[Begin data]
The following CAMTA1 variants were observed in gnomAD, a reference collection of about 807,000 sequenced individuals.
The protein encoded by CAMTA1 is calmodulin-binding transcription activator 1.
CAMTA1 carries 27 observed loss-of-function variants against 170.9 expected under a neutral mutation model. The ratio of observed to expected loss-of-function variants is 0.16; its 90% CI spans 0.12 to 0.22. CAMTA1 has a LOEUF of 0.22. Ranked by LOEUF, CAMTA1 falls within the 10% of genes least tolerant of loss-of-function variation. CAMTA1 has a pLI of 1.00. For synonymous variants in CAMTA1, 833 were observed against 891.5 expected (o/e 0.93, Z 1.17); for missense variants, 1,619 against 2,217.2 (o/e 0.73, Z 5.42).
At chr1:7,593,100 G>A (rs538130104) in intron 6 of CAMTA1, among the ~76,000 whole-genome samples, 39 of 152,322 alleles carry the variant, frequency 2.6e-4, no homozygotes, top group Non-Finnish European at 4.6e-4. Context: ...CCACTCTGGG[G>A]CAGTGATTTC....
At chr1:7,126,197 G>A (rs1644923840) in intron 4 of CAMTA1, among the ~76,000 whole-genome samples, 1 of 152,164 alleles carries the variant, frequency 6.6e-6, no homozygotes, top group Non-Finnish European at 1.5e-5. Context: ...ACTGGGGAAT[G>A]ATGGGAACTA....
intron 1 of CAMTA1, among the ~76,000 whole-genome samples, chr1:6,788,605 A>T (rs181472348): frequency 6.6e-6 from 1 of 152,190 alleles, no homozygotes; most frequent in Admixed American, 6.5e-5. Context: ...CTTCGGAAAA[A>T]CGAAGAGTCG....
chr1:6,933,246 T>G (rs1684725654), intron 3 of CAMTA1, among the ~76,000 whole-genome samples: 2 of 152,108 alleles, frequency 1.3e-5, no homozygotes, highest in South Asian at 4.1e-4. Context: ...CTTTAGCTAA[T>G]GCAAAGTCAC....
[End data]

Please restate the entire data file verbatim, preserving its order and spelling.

The following CAMTA1 variants were observed in gnomAD, a reference collection of about 807,000 sequenced individuals.
The protein encoded by CAMTA1 is calmodulin-binding transcription activator 1.
CAMTA1 carries 27 observed loss-of-function variants against 170.9 expected under a neutral mutation model. The ratio of observed to expected loss-of-function variants is 0.16; its 90% CI spans 0.12 to 0.22. CAMTA1 has a LOEUF of 0.22. Ranked by LOEUF, CAMTA1 falls within the 10% of genes least tolerant of loss-of-function variation. CAMTA1 has a pLI of 1.00. For synonymous variants in CAMTA1, 833 were observed against 891.5 expected (o/e 0.93, Z 1.17); for missense variants, 1,619 against 2,217.2 (o/e 0.73, Z 5.42).
At chr1:7,593,100 G>A (rs538130104) in intron 6 of CAMTA1, among the ~76,000 whole-genome samples, 39 of 152,322 alleles carry the variant, frequency 2.6e-4, no homozygotes, top group Non-Finnish European at 4.6e-4. Context: ...CCACTCTGGG[G>A]CAGTGATTTC....
At chr1:7,126,197 G>A (rs1644923840) in intron 4 of CAMTA1, among the ~76,000 whole-genome samples, 1 of 152,164 alleles carries the variant, frequency 6.6e-6, no homozygotes, top group Non-Finnish European at 1.5e-5. Context: ...ACTGGGGAAT[G>A]ATGGGAACTA....
intron 1 of CAMTA1, among the ~76,000 whole-genome samples, chr1:6,788,605 A>T (rs181472348): frequency 6.6e-6 from 1 of 152,190 alleles, no homozygotes; most frequent in Admixed American, 6.5e-5. Context: ...CTTCGGAAAA[A>T]CGAAGAGTCG....
chr1:6,933,246 T>G (rs1684725654), intron 3 of CAMTA1, among the ~76,000 whole-genome samples: 2 of 152,108 alleles, frequency 1.3e-5, no homozygotes, highest in South Asian at 4.1e-4. Context: ...CTTTAGCTAA[T>G]GCAAAGTCAC....